• Are breastfeeding or plan to breastfeed. Bunavail can pass into your breast milk and may harm your baby.
  • Are pregnant or plan to become pregnant. It is not known if Bunavail will harm your unborn baby. If you take Bunavail while pregnant, your baby may have symptoms of withdrawal at birth. Talk to your doctor if you are pregnant or plan to become pregnant.
  • Have Addison’s disease.
  • Have adrenal gland problems.
  • Have a curve in your spine that affects your breathing.
  • Have a head injury or brain problem.
  • Have a history of alcoholism.
  • Have an enlarged prostate gland (men).
  • Have problems urinating.
  • Have gallbladder problems.
  • Have liver or kidney problems.
  • Have low thyroid (hypothyroidism).
  • Have mental problems such as hallucinations.
  • Have trouble breathing or lung problems.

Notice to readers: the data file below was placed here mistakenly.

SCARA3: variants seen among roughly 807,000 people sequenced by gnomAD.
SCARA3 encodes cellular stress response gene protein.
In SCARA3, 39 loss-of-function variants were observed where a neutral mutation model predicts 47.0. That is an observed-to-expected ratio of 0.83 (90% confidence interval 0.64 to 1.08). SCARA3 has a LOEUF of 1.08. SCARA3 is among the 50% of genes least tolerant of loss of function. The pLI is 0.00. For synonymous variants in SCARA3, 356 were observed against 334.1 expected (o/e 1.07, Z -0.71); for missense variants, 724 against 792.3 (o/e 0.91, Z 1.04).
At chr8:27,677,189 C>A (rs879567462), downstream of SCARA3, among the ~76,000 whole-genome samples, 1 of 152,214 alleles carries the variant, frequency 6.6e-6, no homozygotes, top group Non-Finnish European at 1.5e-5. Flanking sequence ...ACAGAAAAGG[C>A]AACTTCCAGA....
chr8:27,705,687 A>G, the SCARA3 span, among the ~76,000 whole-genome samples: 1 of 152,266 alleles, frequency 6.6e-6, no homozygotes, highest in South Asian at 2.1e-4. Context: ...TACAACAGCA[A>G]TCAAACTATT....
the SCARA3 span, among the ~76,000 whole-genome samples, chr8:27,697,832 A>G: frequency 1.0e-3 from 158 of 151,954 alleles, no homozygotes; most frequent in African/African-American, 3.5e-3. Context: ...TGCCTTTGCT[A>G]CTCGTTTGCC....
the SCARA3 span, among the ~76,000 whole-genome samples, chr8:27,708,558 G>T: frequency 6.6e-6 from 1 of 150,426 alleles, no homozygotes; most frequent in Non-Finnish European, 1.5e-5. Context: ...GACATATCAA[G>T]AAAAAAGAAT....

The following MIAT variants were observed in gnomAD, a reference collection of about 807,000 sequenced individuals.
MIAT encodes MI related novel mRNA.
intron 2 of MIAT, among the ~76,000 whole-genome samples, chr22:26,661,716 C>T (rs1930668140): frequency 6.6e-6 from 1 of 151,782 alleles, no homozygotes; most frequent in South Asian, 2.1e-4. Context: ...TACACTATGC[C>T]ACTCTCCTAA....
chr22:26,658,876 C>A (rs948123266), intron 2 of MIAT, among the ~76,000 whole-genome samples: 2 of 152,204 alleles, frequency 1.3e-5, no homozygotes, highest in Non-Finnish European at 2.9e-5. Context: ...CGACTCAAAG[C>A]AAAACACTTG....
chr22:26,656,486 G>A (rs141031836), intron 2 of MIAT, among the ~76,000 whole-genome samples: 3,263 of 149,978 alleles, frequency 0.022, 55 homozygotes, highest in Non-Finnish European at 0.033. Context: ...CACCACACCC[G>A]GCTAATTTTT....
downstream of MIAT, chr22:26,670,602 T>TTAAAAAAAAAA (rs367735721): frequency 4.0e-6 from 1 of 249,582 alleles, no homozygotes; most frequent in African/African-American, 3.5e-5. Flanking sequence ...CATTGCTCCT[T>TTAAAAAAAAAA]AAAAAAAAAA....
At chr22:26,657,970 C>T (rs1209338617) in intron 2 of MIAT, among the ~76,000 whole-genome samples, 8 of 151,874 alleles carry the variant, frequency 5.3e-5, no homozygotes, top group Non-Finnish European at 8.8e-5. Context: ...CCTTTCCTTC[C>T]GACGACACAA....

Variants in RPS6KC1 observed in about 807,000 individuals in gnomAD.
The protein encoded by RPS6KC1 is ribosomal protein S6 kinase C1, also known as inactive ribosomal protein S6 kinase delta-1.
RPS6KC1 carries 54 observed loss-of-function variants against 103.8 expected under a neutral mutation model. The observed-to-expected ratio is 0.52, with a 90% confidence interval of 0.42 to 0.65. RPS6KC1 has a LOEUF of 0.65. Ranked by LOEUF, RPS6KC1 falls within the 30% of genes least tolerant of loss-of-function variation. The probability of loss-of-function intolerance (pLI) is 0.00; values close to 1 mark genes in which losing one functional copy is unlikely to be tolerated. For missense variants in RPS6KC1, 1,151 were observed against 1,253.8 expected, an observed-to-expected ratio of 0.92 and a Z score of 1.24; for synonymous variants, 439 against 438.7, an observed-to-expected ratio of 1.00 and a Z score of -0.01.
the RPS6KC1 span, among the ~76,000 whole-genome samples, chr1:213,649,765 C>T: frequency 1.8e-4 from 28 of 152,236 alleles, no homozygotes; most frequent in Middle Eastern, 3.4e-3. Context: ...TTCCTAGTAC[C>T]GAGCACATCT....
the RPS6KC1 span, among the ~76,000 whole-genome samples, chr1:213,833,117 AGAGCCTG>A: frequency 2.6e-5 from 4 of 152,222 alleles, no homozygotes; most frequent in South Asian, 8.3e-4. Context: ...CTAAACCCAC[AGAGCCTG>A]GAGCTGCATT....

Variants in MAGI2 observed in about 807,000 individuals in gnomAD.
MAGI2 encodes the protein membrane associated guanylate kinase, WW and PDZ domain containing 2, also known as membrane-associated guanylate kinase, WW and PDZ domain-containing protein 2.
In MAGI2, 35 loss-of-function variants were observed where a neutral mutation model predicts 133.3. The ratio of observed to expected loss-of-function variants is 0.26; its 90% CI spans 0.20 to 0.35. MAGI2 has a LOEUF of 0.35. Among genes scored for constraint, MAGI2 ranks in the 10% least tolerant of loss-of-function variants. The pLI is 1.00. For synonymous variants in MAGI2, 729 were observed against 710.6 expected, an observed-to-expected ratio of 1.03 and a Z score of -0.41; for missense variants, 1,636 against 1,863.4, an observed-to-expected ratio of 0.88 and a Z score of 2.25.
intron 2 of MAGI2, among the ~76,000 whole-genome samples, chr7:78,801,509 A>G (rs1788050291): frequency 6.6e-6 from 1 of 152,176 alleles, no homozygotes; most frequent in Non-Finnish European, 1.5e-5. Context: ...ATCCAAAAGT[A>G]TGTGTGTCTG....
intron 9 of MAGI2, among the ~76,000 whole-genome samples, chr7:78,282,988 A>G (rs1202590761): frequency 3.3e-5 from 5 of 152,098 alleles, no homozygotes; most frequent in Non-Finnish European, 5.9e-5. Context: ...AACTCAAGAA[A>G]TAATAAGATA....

• Have any other medical condition.

Is Bunavail safe for long term use?

Bunavail contains an opioid that can cause physical dependence. After a long term use you could become sick with uncomfortable withdrawal signs and symptoms because your body will become used to this medicine. We recommend not to stop taking Bunavail without talking to your doctor first.

How to come off Bunavail safely?

If you plan to come off Bunavail, do not stop using this medicine suddenly. Ask your doctor to slowly decrease your dose before you stop it completely. This process is called “tapering”. The most effective and safest way to taper is under a physician and pharmacist’s supervision.

Bunavail safety questions

If you still have questions about Bunavail safety or use, please leave them here. We are happy to help answer your questions personally and promptly. If we do not know the answer to your particular question, we will refer you to someone who does.

Reference Sources: PBM: Buprenorphine / Naloxone Buccal Film (Bunavail) C-III National PBM Abbreviated Drug Review
SAMHSA: Buprenorphine
NCBI: Buprenorphine/Naloxone (Into the mouth)
FDA:Bunvail Medication guide
FDA: Bunavail label
Medline Plus: Buprenorphine Sublingual and Buccal
About the author
Lee Weber is a published author, medical writer, and woman in long-term recovery from addiction. Her latest book, The Definitive Guide to Addiction Interventions is set to reach university bookstores in early 2019.